Eleven ships responded & raced to the scene, the first to arrive being the Carmania. Rescue was attempted but boats sent out at great risk were unable to pick up passengers due to the rough sea. The ship continued to burn & the desperate passengers assembled at the stern of the vessel. Next morning, the gale had subsided & the sea was calmer, calmed no doubt in part by heavy oil, spread on the sea by the tanker Narragansett. The fleet took off a total of 520 survivors (per Board of Trade Inquiry Report 457 passengers & 63 crew), with the Grosser Kurfürst taking the most survivors (106). Captain Inch was the last person to leave the stricken vessel with the ship's papers in hand & with his dog in his arms. So 134 people died. The incident was witnessed by all of that assembled fleet, unable to help for many many hours until the weather & sea conditions improved.
The conduct of the Captain was heroic, so I read. But there are conflicting reports as to the condition of the lifeboats & the fire hoses & the behaviour of some of the crew. Some passengers leapt overboard, to avoid a probable death by fire. A French couple, recently married, is said to have committed suicide in this way, clasped in each other's arms. In its time, it was an impressive & inspiring demonstration of the value of the 'new-fangled' wireless telegraph.
The 'burning' of the Volturno? Oh yes. A raging & uncontrollable inferno with flames rising eighty feet into the air & clouds of black smoke - described as being 'one big furnace', 'a sea of fire' and 'a blazing beacon in the night'. Metal work & porthole glass melted away in the intense heat. And the wreck? It floated, a danger to shipping of course, for over a week after it was abandoned until Oct. 17, 1913 when late in the day, the Dutch tanker Charlois found it. It was still burning, all those days later! Next morning, they boarded what was left of the vessel, opened the sea valves & permitted it to sink.
The first page of Jan Daamen's site is here. Do visit! He has a wealth of information on the subject. Including a personal & quite emotional family story here written by Cary Ginell whose family were aboard the Volturno.
Visitors will surely be interested in the headline in the New York Times on Sunday, Oct. 12, 1913, announcing the disaster. And interested also in seeing an image of Captain Inch, the splendid captain of the ill-fated Volturno. Both are now at the top of this page. The New York Times image is presented courtesy of Ellen Karp while the image of Captain Inch, scanned from the Spurgeon book, is presented thanks to Tony Jones of North Wales.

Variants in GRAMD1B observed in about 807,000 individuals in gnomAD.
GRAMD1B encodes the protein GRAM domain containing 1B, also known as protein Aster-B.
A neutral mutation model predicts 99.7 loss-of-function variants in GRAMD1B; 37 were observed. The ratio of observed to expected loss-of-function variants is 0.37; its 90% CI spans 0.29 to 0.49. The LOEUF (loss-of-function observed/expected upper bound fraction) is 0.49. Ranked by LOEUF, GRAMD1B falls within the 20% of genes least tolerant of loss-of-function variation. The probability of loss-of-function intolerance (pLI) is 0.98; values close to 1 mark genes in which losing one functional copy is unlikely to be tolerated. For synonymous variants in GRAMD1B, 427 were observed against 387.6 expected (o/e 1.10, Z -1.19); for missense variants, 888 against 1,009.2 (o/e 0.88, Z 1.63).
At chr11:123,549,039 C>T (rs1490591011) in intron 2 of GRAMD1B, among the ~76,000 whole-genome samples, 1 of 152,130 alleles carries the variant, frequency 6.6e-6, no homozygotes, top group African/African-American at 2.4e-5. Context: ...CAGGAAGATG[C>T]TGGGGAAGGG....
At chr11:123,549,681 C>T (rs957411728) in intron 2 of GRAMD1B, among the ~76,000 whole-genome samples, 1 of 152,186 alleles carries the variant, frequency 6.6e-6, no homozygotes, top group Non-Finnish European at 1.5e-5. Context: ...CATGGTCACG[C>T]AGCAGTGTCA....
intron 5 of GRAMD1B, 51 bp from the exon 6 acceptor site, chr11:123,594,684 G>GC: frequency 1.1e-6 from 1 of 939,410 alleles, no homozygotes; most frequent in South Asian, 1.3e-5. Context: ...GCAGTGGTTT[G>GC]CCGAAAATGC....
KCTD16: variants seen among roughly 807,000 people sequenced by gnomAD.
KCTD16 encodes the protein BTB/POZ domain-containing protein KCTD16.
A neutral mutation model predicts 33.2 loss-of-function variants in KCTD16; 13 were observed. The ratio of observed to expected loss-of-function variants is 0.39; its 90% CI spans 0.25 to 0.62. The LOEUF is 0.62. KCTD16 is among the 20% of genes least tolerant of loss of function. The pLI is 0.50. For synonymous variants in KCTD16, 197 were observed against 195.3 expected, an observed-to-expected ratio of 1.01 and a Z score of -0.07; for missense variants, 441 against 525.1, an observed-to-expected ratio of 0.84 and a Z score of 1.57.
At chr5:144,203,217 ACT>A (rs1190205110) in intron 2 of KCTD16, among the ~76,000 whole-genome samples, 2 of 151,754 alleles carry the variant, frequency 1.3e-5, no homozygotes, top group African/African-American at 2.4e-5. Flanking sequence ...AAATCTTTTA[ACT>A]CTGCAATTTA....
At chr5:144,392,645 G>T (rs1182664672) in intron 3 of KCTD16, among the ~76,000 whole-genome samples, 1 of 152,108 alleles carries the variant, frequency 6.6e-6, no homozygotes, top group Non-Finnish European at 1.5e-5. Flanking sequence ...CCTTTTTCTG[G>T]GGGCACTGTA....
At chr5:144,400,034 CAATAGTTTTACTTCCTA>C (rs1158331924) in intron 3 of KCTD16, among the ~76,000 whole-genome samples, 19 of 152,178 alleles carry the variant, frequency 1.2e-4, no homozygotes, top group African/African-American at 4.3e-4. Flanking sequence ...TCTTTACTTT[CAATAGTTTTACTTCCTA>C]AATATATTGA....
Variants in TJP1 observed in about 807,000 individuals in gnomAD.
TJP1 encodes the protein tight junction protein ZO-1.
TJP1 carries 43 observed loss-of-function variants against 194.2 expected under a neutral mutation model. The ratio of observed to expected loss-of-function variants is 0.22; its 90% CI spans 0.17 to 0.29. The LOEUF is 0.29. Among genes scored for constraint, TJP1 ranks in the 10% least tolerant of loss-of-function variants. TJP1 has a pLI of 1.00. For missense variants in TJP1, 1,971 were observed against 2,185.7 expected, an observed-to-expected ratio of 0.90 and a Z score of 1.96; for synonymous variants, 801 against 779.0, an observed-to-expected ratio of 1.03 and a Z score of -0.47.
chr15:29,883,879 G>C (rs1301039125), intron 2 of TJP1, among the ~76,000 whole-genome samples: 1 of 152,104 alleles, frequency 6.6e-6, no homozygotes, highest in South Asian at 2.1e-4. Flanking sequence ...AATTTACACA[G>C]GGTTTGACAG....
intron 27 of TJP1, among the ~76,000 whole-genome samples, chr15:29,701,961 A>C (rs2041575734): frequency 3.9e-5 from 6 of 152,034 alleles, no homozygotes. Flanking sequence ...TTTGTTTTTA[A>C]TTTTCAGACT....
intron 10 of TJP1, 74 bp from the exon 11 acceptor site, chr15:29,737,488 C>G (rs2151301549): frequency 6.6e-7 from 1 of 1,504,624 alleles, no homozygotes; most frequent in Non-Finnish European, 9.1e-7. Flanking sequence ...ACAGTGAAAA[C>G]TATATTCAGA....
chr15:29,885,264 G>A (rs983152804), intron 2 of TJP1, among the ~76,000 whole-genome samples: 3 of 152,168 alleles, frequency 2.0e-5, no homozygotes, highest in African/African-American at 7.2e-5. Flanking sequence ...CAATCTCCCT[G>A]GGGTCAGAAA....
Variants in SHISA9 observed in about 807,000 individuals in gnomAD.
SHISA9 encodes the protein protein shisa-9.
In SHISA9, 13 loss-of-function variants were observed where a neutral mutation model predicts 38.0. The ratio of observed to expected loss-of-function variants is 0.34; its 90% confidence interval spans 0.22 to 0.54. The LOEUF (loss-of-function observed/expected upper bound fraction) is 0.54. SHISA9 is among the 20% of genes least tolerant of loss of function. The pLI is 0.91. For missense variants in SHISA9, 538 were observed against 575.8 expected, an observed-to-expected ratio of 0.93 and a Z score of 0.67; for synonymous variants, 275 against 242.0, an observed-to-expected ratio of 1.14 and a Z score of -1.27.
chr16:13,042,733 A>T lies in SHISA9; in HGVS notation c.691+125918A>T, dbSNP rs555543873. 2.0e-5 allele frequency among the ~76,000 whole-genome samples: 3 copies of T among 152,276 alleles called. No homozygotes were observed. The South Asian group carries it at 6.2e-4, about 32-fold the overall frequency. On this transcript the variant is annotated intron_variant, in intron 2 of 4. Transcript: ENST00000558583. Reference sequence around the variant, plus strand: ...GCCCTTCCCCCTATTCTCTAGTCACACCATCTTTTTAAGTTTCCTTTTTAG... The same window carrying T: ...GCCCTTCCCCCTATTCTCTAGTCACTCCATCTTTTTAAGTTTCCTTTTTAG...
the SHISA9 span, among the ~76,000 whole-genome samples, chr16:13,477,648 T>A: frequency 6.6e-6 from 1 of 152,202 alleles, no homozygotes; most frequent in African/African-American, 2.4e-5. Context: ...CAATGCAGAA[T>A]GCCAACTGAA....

And here is a composite image to give you an idea of what the Volturno looked like. The large image came from here, while the small image at lower left, which seems to be of the Volturno on fire, came I believe from this Russian site which seems again to be operative. The drawing, the work of Duncan Haws, came from Jan Daamen's site, but originated, I see, at the Ellis Island On-Line site.
An image of the assembled fleet at the disaster scene, courtesy of a primarily Titanic site (which seems now to no longer be operative). I did try to level the horizon in the image but lost too much detail when I attempted to do so. Now one would think, from looking at that image, that the seas were relatively calm and not as high and rough as they in fact were when disaster struck. It needs, I think, an artist, rather than a photographer, to be able to convey in an image the savagery of a high sea. But a most interesting image none the less. In view of the bad link above, I searched & have now seen the image elsewhere, described as being 'Daylight on the morning of the 10th'. And underneath is an image of the Volturno that originated (thanks!) with The Mariners Museum. I do not know in which year the photograph was taken. It would seem that the Volturno had lots of lifeboats! But then there normally would be more than 1,100 souls aboard so many lifeboats would, of course, be needed.
But the very finest image of the Volturno that the webmaster has yet seen is that on the second Volturno image page of this site, and specifically right here. Do see it! It appears there thanks to Kathryn Atkin & the 'Kathryn Atkin Collection'.
The webmaster has no idea, so far, why the vessel was called the Volturno. Unless, that is, the fact that the Volturno is a major river (in the Italian context) of the Naples area of Italy & that a steamship company from Naples (Navigazione Italo-Americano) had it built in the first place is explanation enough. I have read that the word itself derives from 'Volturnus' from 'volvere' - to roll. The same origin as the Volvo automobile, I presume. How that relates to OUR Volturno is at present quite unclear. And, there now seems to be a white hybrid lily named Volturno, for reasons unknown to the webmaster!